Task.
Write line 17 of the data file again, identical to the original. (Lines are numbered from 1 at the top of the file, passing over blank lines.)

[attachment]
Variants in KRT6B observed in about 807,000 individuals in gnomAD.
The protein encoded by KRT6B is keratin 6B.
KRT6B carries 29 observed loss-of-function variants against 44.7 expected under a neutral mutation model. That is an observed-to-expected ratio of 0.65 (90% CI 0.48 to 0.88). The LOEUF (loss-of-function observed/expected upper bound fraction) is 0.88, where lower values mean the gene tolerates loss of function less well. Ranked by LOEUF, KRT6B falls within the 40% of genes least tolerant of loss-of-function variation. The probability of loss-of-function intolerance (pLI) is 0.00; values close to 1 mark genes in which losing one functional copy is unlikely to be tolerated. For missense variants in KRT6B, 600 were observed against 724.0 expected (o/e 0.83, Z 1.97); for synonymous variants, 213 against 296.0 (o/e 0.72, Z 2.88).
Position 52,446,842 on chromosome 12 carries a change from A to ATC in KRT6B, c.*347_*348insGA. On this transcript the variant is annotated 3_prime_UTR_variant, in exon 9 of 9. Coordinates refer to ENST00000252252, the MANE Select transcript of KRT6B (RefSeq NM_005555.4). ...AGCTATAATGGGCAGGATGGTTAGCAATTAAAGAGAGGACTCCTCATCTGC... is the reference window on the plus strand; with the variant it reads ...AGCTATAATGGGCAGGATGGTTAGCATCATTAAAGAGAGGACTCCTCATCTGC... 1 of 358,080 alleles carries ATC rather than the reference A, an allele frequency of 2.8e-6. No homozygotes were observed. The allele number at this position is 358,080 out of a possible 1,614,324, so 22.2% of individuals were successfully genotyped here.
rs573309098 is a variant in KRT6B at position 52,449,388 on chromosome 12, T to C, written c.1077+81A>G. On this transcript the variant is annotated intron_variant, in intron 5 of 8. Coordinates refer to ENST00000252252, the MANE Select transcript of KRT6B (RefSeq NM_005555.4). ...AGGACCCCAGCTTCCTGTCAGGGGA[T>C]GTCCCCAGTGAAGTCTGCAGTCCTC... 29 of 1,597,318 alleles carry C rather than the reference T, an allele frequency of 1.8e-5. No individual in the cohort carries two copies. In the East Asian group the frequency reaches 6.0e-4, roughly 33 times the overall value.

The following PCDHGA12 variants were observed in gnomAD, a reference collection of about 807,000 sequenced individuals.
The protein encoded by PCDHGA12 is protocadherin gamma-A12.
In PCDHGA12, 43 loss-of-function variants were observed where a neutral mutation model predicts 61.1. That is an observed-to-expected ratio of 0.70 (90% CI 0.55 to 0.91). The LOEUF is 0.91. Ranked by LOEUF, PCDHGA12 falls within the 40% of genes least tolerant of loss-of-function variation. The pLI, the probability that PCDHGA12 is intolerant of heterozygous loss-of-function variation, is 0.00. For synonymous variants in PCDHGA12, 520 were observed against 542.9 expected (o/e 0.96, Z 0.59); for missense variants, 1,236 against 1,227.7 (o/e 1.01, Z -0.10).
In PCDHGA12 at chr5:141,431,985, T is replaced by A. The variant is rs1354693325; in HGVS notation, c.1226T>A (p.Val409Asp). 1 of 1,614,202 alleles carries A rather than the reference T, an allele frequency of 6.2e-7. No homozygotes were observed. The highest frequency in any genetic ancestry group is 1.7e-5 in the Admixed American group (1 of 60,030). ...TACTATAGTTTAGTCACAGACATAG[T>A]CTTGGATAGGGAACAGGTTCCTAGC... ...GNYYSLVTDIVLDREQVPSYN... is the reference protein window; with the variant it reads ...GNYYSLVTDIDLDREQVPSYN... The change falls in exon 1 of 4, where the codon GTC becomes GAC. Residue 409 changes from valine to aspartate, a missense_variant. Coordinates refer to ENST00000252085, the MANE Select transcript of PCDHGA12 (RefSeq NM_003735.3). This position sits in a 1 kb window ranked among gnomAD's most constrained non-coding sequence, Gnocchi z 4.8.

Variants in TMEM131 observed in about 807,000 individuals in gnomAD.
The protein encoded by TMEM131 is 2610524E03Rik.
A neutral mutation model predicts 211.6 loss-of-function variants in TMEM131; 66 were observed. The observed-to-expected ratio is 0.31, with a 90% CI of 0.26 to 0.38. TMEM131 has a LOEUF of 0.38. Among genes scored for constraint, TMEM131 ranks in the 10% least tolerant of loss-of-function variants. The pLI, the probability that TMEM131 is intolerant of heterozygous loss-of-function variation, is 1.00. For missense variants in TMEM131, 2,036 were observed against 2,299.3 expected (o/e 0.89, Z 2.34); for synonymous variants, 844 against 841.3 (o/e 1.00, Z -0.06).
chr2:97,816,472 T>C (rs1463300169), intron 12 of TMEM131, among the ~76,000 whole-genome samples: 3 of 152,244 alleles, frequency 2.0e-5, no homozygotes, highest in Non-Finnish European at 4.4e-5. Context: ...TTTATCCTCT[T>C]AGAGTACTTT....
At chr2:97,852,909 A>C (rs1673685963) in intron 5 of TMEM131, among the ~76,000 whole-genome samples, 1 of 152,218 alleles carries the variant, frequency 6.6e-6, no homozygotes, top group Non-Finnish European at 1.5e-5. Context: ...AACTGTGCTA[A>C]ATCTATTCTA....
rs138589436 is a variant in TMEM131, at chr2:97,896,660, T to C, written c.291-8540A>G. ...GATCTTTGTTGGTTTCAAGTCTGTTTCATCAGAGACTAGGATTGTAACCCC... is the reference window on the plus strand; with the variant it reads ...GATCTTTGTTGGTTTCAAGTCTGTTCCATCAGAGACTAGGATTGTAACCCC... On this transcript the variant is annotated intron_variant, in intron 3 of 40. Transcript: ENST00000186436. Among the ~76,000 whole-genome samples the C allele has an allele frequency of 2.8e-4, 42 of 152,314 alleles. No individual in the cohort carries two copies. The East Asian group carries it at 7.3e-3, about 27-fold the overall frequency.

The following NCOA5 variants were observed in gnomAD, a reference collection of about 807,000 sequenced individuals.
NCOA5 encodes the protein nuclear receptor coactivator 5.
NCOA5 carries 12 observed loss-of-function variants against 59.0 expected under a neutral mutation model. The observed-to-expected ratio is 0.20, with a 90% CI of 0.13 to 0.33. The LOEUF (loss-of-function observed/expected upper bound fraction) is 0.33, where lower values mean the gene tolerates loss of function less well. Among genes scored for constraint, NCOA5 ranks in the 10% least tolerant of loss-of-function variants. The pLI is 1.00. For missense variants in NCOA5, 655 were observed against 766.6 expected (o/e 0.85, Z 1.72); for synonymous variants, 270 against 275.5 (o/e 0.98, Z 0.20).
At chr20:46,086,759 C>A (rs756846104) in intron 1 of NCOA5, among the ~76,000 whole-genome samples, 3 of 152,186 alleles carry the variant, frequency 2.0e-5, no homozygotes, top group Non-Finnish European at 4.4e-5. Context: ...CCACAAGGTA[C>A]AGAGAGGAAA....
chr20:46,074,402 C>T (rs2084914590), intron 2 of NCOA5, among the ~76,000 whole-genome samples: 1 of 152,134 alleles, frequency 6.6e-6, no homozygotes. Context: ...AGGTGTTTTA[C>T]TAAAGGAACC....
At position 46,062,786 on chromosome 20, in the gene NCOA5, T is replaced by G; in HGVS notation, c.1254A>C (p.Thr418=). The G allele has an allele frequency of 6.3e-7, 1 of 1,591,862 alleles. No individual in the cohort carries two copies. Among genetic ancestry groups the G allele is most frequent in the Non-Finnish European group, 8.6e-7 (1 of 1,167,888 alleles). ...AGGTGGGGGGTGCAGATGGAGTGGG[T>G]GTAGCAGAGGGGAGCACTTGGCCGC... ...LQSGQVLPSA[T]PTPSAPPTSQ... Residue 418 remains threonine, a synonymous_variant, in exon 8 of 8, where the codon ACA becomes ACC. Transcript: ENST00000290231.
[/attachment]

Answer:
NCOA5 encodes the protein nuclear receptor coactivator 5.